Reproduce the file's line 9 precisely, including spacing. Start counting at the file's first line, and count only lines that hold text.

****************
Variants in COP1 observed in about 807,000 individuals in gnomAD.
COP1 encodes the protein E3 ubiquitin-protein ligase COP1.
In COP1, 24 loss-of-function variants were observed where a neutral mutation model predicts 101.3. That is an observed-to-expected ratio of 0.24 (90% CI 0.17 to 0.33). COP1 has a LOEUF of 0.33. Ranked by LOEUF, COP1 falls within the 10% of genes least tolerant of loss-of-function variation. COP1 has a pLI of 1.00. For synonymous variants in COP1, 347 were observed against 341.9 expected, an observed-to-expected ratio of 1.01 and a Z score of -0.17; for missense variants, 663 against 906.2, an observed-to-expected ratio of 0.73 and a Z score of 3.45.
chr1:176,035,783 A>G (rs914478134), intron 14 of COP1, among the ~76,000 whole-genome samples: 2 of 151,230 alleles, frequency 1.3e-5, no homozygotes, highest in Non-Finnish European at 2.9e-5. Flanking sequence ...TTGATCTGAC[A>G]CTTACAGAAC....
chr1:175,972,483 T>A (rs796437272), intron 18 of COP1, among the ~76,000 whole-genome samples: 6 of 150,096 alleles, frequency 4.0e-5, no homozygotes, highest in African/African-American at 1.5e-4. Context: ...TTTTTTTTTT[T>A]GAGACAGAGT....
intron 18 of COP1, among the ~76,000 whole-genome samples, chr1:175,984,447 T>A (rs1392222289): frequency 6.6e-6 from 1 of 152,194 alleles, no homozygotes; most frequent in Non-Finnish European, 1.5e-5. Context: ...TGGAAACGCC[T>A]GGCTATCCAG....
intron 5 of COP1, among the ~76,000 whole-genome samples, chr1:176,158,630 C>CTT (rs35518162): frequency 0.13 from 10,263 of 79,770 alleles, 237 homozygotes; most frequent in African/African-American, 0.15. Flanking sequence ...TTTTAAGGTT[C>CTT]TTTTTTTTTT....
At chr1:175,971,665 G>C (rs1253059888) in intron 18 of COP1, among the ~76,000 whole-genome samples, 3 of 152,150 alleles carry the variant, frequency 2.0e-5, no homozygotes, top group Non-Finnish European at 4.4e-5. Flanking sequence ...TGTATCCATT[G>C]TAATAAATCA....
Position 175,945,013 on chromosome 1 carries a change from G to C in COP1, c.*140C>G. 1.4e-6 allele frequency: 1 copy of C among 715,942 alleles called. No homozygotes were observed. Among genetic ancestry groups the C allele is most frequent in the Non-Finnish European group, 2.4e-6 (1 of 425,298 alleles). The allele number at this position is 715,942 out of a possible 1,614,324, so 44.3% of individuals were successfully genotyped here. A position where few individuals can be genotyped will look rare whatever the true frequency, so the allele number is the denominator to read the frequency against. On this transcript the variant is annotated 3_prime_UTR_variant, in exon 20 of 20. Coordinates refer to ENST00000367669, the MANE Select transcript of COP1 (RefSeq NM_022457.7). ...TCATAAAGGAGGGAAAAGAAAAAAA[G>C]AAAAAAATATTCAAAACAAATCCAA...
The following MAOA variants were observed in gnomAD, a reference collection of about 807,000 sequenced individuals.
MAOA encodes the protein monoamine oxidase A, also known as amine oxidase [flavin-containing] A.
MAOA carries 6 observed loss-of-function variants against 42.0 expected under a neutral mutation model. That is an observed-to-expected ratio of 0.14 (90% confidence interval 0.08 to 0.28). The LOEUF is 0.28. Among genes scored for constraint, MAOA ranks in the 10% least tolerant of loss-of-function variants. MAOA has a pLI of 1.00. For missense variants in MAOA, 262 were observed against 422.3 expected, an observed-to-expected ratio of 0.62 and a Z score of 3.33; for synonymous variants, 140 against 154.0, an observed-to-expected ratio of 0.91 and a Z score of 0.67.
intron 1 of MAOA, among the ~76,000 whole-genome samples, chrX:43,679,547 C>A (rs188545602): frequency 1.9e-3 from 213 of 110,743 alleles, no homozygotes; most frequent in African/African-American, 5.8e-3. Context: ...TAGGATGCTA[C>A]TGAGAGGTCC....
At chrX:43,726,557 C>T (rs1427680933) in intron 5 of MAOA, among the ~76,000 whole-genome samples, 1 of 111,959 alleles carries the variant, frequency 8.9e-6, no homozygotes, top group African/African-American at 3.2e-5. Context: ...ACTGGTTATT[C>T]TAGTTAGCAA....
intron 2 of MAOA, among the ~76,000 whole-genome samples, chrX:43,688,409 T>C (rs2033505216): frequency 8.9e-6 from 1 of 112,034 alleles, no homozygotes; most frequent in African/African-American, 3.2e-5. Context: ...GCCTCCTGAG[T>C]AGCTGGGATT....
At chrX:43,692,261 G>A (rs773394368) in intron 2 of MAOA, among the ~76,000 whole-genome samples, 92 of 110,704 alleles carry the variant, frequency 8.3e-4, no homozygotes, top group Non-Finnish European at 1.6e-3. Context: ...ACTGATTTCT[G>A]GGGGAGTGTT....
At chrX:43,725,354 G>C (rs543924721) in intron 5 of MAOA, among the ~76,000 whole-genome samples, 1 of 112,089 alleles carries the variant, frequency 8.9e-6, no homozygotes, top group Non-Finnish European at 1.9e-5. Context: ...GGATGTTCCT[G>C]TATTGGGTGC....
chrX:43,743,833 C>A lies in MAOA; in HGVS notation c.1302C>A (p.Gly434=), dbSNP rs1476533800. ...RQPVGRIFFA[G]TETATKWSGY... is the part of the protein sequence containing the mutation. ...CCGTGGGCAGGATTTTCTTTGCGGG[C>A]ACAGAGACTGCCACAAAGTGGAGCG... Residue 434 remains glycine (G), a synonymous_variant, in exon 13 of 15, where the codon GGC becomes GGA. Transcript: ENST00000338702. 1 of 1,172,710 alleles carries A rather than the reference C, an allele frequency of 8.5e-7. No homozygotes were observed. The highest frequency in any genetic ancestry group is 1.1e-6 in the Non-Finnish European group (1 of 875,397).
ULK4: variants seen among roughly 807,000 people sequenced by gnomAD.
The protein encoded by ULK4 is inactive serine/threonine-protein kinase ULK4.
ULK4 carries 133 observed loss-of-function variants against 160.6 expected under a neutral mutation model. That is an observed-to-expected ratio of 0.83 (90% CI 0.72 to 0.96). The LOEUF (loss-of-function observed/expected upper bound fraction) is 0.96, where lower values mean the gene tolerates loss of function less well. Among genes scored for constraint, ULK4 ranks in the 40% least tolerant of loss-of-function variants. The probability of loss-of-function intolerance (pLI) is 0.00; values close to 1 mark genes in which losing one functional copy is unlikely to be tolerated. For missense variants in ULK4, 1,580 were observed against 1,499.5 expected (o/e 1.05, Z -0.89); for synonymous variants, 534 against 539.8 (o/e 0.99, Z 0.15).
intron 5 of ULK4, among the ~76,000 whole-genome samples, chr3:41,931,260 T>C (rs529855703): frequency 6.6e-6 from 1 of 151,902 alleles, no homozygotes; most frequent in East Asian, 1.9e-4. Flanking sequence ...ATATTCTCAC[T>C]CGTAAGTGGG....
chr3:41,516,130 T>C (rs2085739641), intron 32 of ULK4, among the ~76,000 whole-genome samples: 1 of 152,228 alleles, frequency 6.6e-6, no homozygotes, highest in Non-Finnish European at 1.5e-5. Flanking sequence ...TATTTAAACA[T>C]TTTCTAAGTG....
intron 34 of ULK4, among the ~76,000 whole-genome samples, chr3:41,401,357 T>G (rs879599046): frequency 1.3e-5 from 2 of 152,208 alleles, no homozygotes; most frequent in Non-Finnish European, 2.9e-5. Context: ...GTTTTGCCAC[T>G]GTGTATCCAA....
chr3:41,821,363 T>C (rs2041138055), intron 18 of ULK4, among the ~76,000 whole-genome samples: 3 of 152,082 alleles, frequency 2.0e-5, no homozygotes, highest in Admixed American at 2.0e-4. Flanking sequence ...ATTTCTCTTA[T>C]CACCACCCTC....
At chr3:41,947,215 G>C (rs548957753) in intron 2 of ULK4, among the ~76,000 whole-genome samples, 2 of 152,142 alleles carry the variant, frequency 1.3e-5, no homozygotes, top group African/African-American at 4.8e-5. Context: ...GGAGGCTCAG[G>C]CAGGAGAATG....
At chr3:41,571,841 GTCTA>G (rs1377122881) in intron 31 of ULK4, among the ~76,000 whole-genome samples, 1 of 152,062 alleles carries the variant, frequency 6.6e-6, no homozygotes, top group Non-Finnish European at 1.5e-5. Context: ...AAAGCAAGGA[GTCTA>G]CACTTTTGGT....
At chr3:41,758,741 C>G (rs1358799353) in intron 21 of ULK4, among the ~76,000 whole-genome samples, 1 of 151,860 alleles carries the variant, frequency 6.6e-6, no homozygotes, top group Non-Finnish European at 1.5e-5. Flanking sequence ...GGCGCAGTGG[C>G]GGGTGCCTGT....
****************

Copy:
Position 175,945,013 on chromosome 1 carries a change from G to C in COP1, c.*140C>G. 1.4e-6 allele frequency: 1 copy of C among 715,942 alleles called. No homozygotes were observed. Among genetic ancestry groups the C allele is most frequent in the Non-Finnish European group, 2.4e-6 (1 of 425,298 alleles). The allele number at this position is 715,942 out of a possible 1,614,324, so 44.3% of individuals were successfully genotyped here. A position where few individuals can be genotyped will look rare whatever the true frequency, so the allele number is the denominator to read the frequency against. On this transcript the variant is annotated 3_prime_UTR_variant, in exon 20 of 20. Coordinates refer to ENST00000367669, the MANE Select transcript of COP1 (RefSeq NM_022457.7). ...TCATAAAGGAGGGAAAAGAAAAAAA[G>C]AAAAAAATATTCAAAACAAATCCAA...